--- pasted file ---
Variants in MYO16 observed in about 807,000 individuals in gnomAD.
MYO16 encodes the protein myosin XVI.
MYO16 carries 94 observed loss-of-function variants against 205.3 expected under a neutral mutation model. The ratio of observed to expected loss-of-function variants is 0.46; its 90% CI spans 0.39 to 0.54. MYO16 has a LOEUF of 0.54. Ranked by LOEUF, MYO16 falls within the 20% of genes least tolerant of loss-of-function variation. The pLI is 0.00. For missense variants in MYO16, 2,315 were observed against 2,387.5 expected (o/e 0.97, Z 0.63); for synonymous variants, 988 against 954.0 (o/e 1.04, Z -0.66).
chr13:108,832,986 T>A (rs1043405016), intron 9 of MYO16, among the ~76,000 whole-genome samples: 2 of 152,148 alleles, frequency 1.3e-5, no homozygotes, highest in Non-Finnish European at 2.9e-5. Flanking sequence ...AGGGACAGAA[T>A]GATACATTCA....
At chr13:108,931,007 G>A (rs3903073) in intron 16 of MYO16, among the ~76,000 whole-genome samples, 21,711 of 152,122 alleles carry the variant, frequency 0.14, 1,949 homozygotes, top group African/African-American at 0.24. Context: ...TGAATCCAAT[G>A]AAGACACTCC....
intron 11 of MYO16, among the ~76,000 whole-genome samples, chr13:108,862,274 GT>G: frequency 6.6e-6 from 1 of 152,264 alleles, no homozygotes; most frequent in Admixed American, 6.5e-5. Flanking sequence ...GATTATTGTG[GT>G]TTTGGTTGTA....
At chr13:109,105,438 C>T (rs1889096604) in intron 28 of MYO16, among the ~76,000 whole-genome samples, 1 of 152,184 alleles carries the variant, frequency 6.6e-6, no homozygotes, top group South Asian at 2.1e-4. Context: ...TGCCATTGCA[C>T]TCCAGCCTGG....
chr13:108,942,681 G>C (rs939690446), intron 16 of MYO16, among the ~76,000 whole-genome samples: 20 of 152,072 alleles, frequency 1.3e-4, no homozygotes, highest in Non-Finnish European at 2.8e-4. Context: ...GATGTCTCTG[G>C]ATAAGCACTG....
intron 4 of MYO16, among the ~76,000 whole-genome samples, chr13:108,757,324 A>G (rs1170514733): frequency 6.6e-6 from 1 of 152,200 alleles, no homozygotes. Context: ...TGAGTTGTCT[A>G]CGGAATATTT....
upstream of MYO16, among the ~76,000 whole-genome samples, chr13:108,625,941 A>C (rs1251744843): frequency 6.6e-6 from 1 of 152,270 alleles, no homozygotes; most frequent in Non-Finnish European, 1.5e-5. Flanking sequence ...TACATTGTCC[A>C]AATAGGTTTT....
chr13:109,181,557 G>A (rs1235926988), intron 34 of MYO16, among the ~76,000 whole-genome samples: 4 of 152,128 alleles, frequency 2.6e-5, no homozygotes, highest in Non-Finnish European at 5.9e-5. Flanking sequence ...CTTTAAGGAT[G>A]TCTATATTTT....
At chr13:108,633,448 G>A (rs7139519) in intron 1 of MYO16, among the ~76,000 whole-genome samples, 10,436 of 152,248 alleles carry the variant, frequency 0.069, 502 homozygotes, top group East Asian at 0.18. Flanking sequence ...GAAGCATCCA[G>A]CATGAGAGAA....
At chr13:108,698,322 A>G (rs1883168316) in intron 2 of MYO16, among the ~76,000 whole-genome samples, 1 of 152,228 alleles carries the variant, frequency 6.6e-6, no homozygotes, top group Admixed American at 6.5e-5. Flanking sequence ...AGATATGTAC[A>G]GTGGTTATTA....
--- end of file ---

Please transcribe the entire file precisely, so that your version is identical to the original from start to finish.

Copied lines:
Variants in MYO16 observed in about 807,000 individuals in gnomAD.
MYO16 encodes the protein myosin XVI.
MYO16 carries 94 observed loss-of-function variants against 205.3 expected under a neutral mutation model. The ratio of observed to expected loss-of-function variants is 0.46; its 90% CI spans 0.39 to 0.54. MYO16 has a LOEUF of 0.54. Ranked by LOEUF, MYO16 falls within the 20% of genes least tolerant of loss-of-function variation. The pLI is 0.00. For missense variants in MYO16, 2,315 were observed against 2,387.5 expected (o/e 0.97, Z 0.63); for synonymous variants, 988 against 954.0 (o/e 1.04, Z -0.66).
chr13:108,832,986 T>A (rs1043405016), intron 9 of MYO16, among the ~76,000 whole-genome samples: 2 of 152,148 alleles, frequency 1.3e-5, no homozygotes, highest in Non-Finnish European at 2.9e-5. Flanking sequence ...AGGGACAGAA[T>A]GATACATTCA....
At chr13:108,931,007 G>A (rs3903073) in intron 16 of MYO16, among the ~76,000 whole-genome samples, 21,711 of 152,122 alleles carry the variant, frequency 0.14, 1,949 homozygotes, top group African/African-American at 0.24. Context: ...TGAATCCAAT[G>A]AAGACACTCC....
intron 11 of MYO16, among the ~76,000 whole-genome samples, chr13:108,862,274 GT>G: frequency 6.6e-6 from 1 of 152,264 alleles, no homozygotes; most frequent in Admixed American, 6.5e-5. Flanking sequence ...GATTATTGTG[GT>G]TTTGGTTGTA....
At chr13:109,105,438 C>T (rs1889096604) in intron 28 of MYO16, among the ~76,000 whole-genome samples, 1 of 152,184 alleles carries the variant, frequency 6.6e-6, no homozygotes, top group South Asian at 2.1e-4. Context: ...TGCCATTGCA[C>T]TCCAGCCTGG....
chr13:108,942,681 G>C (rs939690446), intron 16 of MYO16, among the ~76,000 whole-genome samples: 20 of 152,072 alleles, frequency 1.3e-4, no homozygotes, highest in Non-Finnish European at 2.8e-4. Context: ...GATGTCTCTG[G>C]ATAAGCACTG....
intron 4 of MYO16, among the ~76,000 whole-genome samples, chr13:108,757,324 A>G (rs1170514733): frequency 6.6e-6 from 1 of 152,200 alleles, no homozygotes. Context: ...TGAGTTGTCT[A>G]CGGAATATTT....
upstream of MYO16, among the ~76,000 whole-genome samples, chr13:108,625,941 A>C (rs1251744843): frequency 6.6e-6 from 1 of 152,270 alleles, no homozygotes; most frequent in Non-Finnish European, 1.5e-5. Flanking sequence ...TACATTGTCC[A>C]AATAGGTTTT....
chr13:109,181,557 G>A (rs1235926988), intron 34 of MYO16, among the ~76,000 whole-genome samples: 4 of 152,128 alleles, frequency 2.6e-5, no homozygotes, highest in Non-Finnish European at 5.9e-5. Flanking sequence ...CTTTAAGGAT[G>A]TCTATATTTT....
At chr13:108,633,448 G>A (rs7139519) in intron 1 of MYO16, among the ~76,000 whole-genome samples, 10,436 of 152,248 alleles carry the variant, frequency 0.069, 502 homozygotes, top group East Asian at 0.18. Flanking sequence ...GAAGCATCCA[G>A]CATGAGAGAA....
At chr13:108,698,322 A>G (rs1883168316) in intron 2 of MYO16, among the ~76,000 whole-genome samples, 1 of 152,228 alleles carries the variant, frequency 6.6e-6, no homozygotes, top group Admixed American at 6.5e-5. Flanking sequence ...AGATATGTAC[A>G]GTGGTTATTA....